The emergence of social media, which originally had such promise, was one of the leading reasons our optimism toward the internet faded. While it was true anyone could be a journalist, those self-taught journalists had neither training nor regard for ethics and truth, which led to extraordinary divisiveness. The downside of popular web use emerged as we witnessed the growth of screen addiction, bullying, hate speech, disinformation, scams, and the dark web.

A few years ago, I wrote about how — in the 50s and 60s — parents warned their kids about looking both ways before crossing a street and never getting into a car with or accepting candy from strangers. Today, parents still warn about those things and also add a dozen more warnings about being safe online: don’t reveal information; don’t meet somebody in person who you only know from social media, etc. And we are still learning about the internet’s dangerous sides.

It is now becoming abundantly clear that AI is different. To a world that knew little or nothing about AI until last year, this is not just another great new technology that will enhance our lives.  AI is a game changer, but most of us don’t think it’s a good one — at least not at this early point.

Recently, I shared a chart showing that, over twenty-five years (1999-2024), the belief that technology would make the world a better place started at a high level and has steadily dropped.

How AI today is different

So far, AI’s path has been the opposite of the internet’s a quarter century ago. Practically all the public’s attention has focused on fears. And those fears are huge. Few hear or care about the potential positive impact of AI. Instead, we focus on the negative ways it will change our lives, potentially even destroying life itself.

Ask people about how they feel about AI, and the first thing they do is express fear that their jobs will not survive AI. Already, people worry that drivers’ jobs will disappear and that cashiers will be a thing of the past. Many Americans look at their own jobs, concerned that much or all of what they do can be automated. Few fears cut closer to what’s important to people than this. It was one of the major reasons for the Writer’s and Actor’s strikes last year.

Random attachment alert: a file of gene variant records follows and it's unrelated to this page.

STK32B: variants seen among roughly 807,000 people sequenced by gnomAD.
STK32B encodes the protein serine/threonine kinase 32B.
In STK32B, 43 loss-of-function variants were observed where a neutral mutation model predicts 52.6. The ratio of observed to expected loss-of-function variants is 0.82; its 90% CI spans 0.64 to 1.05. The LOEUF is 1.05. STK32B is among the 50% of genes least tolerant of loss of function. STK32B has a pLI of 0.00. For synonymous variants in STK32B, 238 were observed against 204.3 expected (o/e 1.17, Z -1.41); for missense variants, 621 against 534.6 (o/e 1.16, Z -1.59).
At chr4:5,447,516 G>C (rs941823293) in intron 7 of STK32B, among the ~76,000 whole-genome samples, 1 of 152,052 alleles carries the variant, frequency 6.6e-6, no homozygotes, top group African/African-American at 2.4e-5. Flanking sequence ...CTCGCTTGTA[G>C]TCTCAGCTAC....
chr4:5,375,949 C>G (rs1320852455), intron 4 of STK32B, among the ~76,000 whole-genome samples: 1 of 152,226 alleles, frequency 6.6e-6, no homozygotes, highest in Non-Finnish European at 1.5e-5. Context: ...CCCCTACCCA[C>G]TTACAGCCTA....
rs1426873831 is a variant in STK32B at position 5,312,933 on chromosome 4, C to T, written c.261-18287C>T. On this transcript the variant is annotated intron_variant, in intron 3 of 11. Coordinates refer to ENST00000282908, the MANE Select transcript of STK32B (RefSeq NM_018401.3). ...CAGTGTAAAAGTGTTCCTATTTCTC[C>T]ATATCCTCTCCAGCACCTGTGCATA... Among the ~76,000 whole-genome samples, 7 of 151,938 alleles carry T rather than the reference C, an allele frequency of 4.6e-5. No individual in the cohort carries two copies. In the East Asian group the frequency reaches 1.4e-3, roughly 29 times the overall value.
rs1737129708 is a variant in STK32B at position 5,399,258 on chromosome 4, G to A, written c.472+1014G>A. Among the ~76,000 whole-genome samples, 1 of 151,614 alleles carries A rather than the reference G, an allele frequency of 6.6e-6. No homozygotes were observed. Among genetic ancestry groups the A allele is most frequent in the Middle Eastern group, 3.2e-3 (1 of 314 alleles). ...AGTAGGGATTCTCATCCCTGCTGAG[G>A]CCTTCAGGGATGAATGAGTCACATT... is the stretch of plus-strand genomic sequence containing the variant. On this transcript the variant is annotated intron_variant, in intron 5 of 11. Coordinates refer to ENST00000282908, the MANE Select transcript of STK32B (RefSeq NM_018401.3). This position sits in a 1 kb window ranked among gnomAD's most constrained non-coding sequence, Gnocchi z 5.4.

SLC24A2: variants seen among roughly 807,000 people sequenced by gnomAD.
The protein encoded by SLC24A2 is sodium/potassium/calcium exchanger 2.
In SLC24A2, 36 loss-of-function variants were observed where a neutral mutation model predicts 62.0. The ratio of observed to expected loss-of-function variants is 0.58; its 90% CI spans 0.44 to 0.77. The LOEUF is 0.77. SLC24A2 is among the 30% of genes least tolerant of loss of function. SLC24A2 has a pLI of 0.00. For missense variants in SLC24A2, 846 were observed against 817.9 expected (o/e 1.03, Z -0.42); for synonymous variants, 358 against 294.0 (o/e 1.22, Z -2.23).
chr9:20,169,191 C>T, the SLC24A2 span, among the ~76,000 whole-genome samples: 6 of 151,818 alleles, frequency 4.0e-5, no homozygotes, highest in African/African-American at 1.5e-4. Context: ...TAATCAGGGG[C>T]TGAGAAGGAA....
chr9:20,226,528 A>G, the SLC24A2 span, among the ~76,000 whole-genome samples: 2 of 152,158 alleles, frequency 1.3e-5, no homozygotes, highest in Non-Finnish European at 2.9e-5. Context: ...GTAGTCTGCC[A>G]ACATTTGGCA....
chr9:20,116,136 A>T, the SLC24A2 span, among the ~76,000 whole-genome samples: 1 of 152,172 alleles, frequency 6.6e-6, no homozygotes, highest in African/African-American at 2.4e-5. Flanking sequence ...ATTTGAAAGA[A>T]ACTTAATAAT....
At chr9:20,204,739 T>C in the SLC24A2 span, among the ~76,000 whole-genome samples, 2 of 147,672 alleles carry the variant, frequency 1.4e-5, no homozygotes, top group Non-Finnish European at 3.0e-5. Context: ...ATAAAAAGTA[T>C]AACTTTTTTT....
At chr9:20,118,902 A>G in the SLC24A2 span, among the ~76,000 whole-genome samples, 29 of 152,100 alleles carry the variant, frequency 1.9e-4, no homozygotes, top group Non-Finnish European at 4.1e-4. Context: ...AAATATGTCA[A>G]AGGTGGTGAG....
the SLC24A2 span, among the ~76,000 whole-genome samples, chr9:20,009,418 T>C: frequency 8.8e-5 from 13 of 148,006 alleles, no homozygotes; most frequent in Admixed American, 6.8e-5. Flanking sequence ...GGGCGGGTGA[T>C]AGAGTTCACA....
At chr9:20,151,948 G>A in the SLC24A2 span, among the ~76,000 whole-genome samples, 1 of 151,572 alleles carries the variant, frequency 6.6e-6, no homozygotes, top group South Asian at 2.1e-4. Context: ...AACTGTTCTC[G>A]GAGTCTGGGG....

Teachers not only worry their positions may evaporate, but also that their students will never develop fundamental skills, nor be able to compete in the marketplace. What happens when these kids grow up and comprise most of the work force?

Although it seems farfetched, we frequently hear about the worst fear of all: Artificial Intelligence will become sentient and decide that it no longer needs human beings, thus ending humankind. This is a cliché in science fiction, but in our reality well-known tech leaders like Elon Musk say AI is a greater threat to humankind than nuclear war. Despite Musk’s recent years of erratic behavior, his credentials as a visionary who sees things that others don’t are unassailable.

As AI develops, will we decide that our fears were unfounded? Will we decide that different forms of AI are extraordinary tools that make almost everything better?

It’s more complicated than that. Though the positive hopes for the internet turned out to be true, it also turned out to have more problems than anyone thought. With AI, we just don’t know what will happen.  And that’s the scary part.


Jeffrey Cole is the founder and director of The Center for the Digital Future at USC Annenberg.



See all columns from the center.

March 20, 2024